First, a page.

Disability and poverty

Having discussed the way people claiming benefits are not, in fact, an undeserving and contemptible drain on our resources, it’s worth noting that attitudes toward the poor or the disabled show little sign of improving.

When a family member or close friend is struck with some illness or other major life inconvenience, most of us would probably drop everything to help them as much as we were needed. We’d do our best to see that the people we care about got the required care from others, and that professionals in fields like health services did their jobs well to look after our loved ones.

But upsettingly often, we don’t seem inclined to treat strangers with the same compassion, or even with basic decency.

A number of disability charities and organisations have warned about increased abuse directed at disabled people. They say that much of the media and many individuals in government are perpetuating a damaging worldview, in which people with disabilities or claiming benefits are undeserving, don’t contribute to society the way “we” do, and are somehow responsible for the financial hardships that the rest of us face.

It seems like people are letting the indignation they feel at the thought of being cheated by “scroungers” overwhelm them. This fear is blocking their capacity to behave with compassion to other people in need, and they’re choosing instead to be harsh and judgmental as a first resort.

There’s little doubt that a lot of misleading media coverage is fuelling this kind of attitude. The continuous portrayal of feckless scroungers as representative of benefits claimants in general actively encourages many newspaper readers to see these people as part of a hated outgroup.

The situation is also not improved by the shockingly ignorant assertions made by some government ministers, such as Maria Miller. Frighteningly for someone in the role of the UK’s minister for disabled people in the Department for Work and Pensions, her concern for the people she’s supposed to be representing and helping doesn’t seem to stretch as far as looking at the facts; the 400,000 jobs on offer that she’s so proud of doesn’t look so impressive when compared against 2.68 million unemployed people (let alone those already in work but looking for another job). To blame the problem on a lack of “appetite” for work is ludicrous.

Across the pond in the US, the Governor of Florida has been pressing on with his own efforts to vilify the poor, by demanding drug tests from those in line to receive welfare. The project is estimated to cost $178,000,000 this year, and it currently looks like the savings will amount to less than 0.1% of that amount. They’re not turning out to be a shower of crackheads at quite the rate he predicted, and this supposedly money-saving scheme is becoming immensely wasteful.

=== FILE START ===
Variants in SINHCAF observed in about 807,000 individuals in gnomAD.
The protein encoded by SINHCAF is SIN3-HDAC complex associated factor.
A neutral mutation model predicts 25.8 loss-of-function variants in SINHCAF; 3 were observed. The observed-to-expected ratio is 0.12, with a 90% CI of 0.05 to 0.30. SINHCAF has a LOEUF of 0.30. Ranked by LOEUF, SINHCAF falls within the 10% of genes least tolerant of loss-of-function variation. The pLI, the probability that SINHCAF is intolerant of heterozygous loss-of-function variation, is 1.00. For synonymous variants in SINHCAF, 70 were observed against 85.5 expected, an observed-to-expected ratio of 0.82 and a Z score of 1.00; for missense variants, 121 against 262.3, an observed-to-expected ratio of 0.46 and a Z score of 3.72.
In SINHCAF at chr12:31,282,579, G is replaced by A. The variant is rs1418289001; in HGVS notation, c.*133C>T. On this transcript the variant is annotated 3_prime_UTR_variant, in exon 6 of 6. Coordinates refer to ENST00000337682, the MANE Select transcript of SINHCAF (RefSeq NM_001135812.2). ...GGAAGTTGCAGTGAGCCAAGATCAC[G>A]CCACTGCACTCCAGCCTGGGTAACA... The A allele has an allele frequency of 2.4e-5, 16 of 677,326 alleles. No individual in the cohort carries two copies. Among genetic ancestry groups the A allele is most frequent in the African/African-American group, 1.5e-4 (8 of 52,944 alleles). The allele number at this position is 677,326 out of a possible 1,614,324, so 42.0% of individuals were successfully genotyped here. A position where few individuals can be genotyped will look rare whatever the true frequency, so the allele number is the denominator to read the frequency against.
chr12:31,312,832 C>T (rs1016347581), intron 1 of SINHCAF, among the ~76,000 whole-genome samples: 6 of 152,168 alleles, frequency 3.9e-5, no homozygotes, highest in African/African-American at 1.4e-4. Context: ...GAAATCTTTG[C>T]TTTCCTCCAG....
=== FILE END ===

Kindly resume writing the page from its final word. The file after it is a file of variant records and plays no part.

I can’t see into Governor Rick Scott’s mind and determine why he’s been keen to spend so much of his taxpayers’ money on a scheme that serves only to demonise a demographic least able to defend themselves. There are probably political pressures weighing on him, and it’s possible he rationalised himself into thinking that it was a good idea. He’s a complex human being himself, and doesn’t deserve hatred.

But it’s clear that civilised society has a long way to go before we can stop othering the disabled and the poor, stop finding reasons to hate them and dehumanise them to assuage our guilt about their situation, and start treating everyone in a way that befits the values we claim to aspire to.

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2 thoughts on “Disability and poverty

  1. tmso says:

    Ah, you have hit a sore spot with me. I’m one of those people who don’t have much sympathy for the disabled and/or poor (though I could be among their ranks at any moment). And I don’t know why. Compassion and empathy is the key. Thanks for the reminder.

    The Florida thing has gotten press here in the states, at least, on the west coast. And I just can’t see how they can justify keeping the program. I hope it dies a quick death.

  2. Bob says:

    Also, remember sometimes there are skills mismatches, and disabled people find it harder than average to get a job.

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